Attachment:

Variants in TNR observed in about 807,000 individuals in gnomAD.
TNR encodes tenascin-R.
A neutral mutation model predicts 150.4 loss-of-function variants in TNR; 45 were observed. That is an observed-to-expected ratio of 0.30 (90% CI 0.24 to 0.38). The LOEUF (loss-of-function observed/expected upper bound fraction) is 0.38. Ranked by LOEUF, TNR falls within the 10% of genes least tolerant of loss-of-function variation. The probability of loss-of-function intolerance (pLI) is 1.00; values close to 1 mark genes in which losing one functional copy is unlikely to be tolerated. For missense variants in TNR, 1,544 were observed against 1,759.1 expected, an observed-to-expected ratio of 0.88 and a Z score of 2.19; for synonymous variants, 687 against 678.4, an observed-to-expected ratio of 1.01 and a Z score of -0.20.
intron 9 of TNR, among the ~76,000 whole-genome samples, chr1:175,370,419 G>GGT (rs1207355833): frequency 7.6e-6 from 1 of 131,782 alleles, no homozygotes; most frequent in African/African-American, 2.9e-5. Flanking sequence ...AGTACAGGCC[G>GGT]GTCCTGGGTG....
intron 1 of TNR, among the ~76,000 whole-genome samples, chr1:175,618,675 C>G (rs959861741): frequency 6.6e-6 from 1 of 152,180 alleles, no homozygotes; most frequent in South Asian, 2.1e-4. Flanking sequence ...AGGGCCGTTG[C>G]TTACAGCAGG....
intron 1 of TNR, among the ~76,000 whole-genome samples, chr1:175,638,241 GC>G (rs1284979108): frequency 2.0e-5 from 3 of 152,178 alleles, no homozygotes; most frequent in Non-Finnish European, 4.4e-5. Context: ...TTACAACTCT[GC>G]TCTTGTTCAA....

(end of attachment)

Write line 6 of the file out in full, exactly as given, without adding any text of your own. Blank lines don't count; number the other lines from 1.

intron 1 of TNR, among the ~76,000 whole-genome samples, chr1:175,638,241 GC>G (rs1284979108): frequency 2.0e-5 from 3 of 152,178 alleles, no homozygotes; most frequent in Non-Finnish European, 4.4e-5. Context: ...TTACAACTCT[GC>G]TCTTGTTCAA....